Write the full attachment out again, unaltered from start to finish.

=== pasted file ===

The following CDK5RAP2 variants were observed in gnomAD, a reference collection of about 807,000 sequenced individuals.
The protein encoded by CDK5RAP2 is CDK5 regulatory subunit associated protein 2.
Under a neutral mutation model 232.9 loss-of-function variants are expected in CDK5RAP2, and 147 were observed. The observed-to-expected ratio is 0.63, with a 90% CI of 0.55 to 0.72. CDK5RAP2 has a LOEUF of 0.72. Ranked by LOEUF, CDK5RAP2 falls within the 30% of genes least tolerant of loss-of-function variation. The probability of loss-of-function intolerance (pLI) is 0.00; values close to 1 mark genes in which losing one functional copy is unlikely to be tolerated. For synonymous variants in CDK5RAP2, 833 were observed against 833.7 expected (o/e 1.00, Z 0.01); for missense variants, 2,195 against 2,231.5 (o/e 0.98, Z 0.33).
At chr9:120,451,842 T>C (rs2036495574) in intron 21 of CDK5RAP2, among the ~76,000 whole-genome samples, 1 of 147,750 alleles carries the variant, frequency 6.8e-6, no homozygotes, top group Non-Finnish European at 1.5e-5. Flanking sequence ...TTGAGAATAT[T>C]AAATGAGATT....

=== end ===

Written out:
The following CDK5RAP2 variants were observed in gnomAD, a reference collection of about 807,000 sequenced individuals.
The protein encoded by CDK5RAP2 is CDK5 regulatory subunit associated protein 2.
Under a neutral mutation model 232.9 loss-of-function variants are expected in CDK5RAP2, and 147 were observed. The observed-to-expected ratio is 0.63, with a 90% CI of 0.55 to 0.72. CDK5RAP2 has a LOEUF of 0.72. Ranked by LOEUF, CDK5RAP2 falls within the 30% of genes least tolerant of loss-of-function variation. The probability of loss-of-function intolerance (pLI) is 0.00; values close to 1 mark genes in which losing one functional copy is unlikely to be tolerated. For synonymous variants in CDK5RAP2, 833 were observed against 833.7 expected (o/e 1.00, Z 0.01); for missense variants, 2,195 against 2,231.5 (o/e 0.98, Z 0.33).
At chr9:120,451,842 T>C (rs2036495574) in intron 21 of CDK5RAP2, among the ~76,000 whole-genome samples, 1 of 147,750 alleles carries the variant, frequency 6.8e-6, no homozygotes, top group Non-Finnish European at 1.5e-5. Flanking sequence ...TTGAGAATAT[T>C]AAATGAGATT....